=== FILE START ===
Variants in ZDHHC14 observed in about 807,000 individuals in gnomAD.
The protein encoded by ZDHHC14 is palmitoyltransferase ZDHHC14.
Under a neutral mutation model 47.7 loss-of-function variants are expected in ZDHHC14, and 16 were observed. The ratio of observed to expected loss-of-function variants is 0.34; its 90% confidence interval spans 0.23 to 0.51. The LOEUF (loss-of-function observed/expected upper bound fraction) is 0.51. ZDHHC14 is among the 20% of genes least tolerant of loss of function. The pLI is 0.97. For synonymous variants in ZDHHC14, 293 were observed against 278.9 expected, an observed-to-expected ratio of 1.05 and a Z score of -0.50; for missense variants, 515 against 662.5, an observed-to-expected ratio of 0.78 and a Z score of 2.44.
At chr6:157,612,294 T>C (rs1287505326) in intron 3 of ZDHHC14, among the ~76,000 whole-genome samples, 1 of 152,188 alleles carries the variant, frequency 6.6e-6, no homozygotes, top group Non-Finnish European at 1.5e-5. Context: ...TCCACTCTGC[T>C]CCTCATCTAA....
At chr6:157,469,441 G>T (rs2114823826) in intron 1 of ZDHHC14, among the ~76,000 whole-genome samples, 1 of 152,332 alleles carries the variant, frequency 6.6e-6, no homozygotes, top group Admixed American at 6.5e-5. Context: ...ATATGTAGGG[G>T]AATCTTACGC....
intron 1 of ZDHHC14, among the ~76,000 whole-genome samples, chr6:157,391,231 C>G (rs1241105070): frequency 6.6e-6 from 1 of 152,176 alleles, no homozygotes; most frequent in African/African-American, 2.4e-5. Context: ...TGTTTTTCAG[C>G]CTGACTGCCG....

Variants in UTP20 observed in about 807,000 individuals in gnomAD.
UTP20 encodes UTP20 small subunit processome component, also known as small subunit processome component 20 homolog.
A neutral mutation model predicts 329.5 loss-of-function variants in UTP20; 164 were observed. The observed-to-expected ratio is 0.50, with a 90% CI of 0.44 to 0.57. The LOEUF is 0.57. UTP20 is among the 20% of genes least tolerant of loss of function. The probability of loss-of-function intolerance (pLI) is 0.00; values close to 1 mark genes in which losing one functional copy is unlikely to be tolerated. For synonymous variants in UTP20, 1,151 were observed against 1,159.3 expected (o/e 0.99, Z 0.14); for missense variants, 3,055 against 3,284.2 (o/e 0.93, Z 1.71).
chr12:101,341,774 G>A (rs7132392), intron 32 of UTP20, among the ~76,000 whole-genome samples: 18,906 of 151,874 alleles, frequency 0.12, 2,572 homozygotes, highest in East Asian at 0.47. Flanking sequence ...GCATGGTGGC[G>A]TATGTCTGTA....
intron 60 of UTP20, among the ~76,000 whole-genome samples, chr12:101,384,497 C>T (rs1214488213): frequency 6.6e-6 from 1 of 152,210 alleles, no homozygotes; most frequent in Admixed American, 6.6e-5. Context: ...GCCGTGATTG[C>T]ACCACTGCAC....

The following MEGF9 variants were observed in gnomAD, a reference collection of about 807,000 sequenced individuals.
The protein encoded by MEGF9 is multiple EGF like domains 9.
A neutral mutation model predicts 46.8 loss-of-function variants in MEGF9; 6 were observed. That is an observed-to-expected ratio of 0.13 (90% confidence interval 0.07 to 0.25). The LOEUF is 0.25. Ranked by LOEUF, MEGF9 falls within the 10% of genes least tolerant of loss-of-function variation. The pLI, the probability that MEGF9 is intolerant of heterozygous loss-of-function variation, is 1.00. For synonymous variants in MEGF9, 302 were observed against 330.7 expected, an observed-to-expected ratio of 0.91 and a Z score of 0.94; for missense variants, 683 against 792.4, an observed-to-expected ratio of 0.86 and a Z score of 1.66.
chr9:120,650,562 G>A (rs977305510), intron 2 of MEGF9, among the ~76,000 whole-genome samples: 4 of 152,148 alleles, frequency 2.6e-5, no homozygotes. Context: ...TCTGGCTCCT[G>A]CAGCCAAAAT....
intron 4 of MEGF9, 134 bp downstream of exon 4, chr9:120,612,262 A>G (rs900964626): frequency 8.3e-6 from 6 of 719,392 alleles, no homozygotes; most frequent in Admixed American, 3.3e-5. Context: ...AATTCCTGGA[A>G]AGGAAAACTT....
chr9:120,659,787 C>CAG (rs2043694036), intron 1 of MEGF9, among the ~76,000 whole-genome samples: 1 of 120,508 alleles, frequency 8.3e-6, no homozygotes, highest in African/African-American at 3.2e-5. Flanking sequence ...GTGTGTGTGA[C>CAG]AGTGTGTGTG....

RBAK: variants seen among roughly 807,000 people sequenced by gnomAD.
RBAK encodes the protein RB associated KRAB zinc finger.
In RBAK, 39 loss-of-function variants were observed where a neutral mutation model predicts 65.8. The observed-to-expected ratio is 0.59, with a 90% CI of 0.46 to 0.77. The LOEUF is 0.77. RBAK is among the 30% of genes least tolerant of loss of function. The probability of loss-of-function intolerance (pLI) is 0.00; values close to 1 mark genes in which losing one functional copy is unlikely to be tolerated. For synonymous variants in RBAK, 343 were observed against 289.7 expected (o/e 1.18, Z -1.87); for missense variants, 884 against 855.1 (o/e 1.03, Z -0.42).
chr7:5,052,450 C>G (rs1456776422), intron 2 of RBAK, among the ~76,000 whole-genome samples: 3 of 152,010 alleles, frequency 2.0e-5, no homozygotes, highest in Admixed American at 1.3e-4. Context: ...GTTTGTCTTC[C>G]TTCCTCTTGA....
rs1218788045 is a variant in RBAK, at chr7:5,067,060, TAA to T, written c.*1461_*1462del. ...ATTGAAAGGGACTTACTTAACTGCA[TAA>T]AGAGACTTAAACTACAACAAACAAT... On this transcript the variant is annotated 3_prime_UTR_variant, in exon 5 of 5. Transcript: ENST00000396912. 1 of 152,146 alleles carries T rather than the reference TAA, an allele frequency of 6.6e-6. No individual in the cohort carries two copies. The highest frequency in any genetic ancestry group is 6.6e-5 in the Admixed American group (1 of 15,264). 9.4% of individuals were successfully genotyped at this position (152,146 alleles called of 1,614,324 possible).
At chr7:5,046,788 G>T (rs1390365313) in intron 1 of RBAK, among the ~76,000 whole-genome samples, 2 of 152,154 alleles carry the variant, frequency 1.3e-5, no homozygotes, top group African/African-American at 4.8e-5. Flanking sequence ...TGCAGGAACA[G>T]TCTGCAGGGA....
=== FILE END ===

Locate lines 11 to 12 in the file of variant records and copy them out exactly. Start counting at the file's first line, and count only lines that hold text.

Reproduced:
intron 60 of UTP20, among the ~76,000 whole-genome samples, chr12:101,384,497 C>T (rs1214488213): frequency 6.6e-6 from 1 of 152,210 alleles, no homozygotes; most frequent in Admixed American, 6.6e-5. Context: ...GCCGTGATTG[C>T]ACCACTGCAC....

The following MEGF9 variants were observed in gnomAD, a reference collection of about 807,000 sequenced individuals.